Geneva, 30 June 2016
30 June 2016
Good afternoon to all, we just finished the meeting of the Humanitarian Taskforce of the ISSG and a milestone in that regard was reached in Syria last night, because areas number 17 and 18 out of the 18 besieged areas on the UN list was reached.
Arbin and Zamalka hadn’t been reached since November 2012.
The convoy that came to the two places was 37 trucks, a big convoy, and it was an interagency effort of United Nations agencies, the Syrian Red Crescent and ICRC. On its way out there was a sniper attack at the convoy. One of the drivers from the Syrian Red Crescent was shot through the chest. He is now thankfully under good care in a hospital in Damascus, but it was a very close call, and it shows how risky this work is because there is no cessation of hostilities in too many places now in Syria. So it is in many ways against all odds that we have been able to reach all of the 18 areas at least once and at least with partial assistance.
We are acutely aware that only 60 percent of the [besieged] people have really gotten help. In places like Daraya, Douma and Al-Waer it is only partial delivery, and in those places it’s only once also so far. There is a tremendous, also, worry now that the place where we started by seeing people starving to death, Madaya, may be one of the places where starvation may come back, because we haven’t been able to reach the four towns – Madaya and Zabadani, close to Damascus and Foua and Kefraya, up in the north, in Idleb. This is part of an agreement that is not holding anymore. It was negotiated without the involvement of the UN, and the lack of the cessation of hostilities, the bombing and the shelling are holding back an agreement for delivery of supplies and assistance, which is also holding back a planned [UN] assessment mission for the first time to Foua and Kefraya.
We are also – although we are happy to have reached all of the areas - very much aware that medical services is probably the area where we also failed that much. The reason for the biggest suffering and the greatest loss of life has probably been that there is not a supply of medical personnel, there is not a supply of medical items and material support, and there is no system for medical evacuations.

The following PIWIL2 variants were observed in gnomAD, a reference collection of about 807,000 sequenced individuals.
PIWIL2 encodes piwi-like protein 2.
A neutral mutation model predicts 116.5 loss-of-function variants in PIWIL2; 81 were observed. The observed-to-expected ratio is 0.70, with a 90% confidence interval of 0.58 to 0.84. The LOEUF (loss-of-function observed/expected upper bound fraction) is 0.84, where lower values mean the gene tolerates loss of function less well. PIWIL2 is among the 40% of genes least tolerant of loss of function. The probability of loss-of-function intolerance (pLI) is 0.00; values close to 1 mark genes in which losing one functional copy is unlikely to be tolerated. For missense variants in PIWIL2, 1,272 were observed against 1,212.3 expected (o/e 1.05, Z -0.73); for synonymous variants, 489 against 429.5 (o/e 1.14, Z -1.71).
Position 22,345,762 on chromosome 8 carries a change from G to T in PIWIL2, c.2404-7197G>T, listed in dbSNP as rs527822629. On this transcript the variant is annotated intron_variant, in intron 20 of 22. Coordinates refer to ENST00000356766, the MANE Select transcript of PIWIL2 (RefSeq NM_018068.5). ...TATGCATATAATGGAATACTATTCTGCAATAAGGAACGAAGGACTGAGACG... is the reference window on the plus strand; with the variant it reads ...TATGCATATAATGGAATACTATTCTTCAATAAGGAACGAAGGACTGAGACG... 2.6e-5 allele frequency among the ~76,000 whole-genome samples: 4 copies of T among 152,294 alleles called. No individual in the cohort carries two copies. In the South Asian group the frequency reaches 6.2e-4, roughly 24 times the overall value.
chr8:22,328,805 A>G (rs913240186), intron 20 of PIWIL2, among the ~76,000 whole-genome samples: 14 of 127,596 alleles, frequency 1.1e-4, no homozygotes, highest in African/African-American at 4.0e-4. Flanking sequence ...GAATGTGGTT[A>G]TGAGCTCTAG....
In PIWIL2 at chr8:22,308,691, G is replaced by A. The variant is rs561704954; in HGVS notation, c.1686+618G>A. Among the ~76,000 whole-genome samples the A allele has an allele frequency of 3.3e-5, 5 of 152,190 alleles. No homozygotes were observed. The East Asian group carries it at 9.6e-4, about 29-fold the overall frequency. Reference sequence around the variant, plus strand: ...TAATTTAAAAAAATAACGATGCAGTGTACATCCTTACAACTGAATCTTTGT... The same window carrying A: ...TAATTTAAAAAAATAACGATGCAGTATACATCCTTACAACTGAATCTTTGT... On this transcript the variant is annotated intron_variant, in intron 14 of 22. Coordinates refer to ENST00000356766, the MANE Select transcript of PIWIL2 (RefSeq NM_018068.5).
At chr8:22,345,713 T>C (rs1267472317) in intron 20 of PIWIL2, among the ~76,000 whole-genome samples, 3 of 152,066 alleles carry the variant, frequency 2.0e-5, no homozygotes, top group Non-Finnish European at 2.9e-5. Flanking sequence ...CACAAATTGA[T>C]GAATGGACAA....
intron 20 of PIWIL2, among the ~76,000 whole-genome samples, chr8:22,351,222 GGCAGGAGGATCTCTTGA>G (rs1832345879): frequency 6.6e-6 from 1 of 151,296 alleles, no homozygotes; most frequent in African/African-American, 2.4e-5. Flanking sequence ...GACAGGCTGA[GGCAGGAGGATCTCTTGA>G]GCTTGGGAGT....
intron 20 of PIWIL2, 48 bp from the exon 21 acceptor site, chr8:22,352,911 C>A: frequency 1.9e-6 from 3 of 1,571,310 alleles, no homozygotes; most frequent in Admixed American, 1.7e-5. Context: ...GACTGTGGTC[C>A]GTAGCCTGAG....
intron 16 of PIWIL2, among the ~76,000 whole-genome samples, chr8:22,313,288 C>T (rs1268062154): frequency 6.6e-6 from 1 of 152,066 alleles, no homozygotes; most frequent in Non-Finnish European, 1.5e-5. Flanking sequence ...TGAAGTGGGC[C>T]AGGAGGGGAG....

At the meeting today we also reviewed cross-border assistance. Most of the hard-to-reach areas of Syria – those areas where we have only been able to do sporadic assistance- it’s an area with 5.5 million people [including all those besieged] and it was upgraded in terms of number of people affected. There are more people in hard-to-reach areas now than when we started [the taskforce]. Most of these people can be reached within an hour, 90 minutes, by truck from the neighbouring countries. It is therefore good to see that so far this year, there have been more than 500 UN interagency trucks going cross-border with assistance every month, as compared to just over 100 a month in 2014.
The non-governmental organizations efforts were also discussed today and it’s [inaudible]. Non-governmental organizations, Syrian, local groups, Syrian diaspora groups, international non-governmental organizations, are doing tremendous work and lost many colleagues while doing their work. Most of these work cross-border.
Q. MSF sent a press release asking for help for those stuck at the border with northern Jordan. Can you explain to us something about the situation of all these people? Thank you.
JE. There are indeed tens of thousands of people stranded in the desert on the Syrian side of the border of Syria and Jordan. This was an area where there was a horrific terror attack only some days ago and that led to that border being closed. We are working hard to see that humanitarian supplies can take place cross-border to the people in the so-called berm area, because they are in a very desperate situation, I agree with MSF in their description of the situation, and we hope and believe that cross-border humanitarian assistance can again be made available, taking note of Jordan’s very legitimate security needs.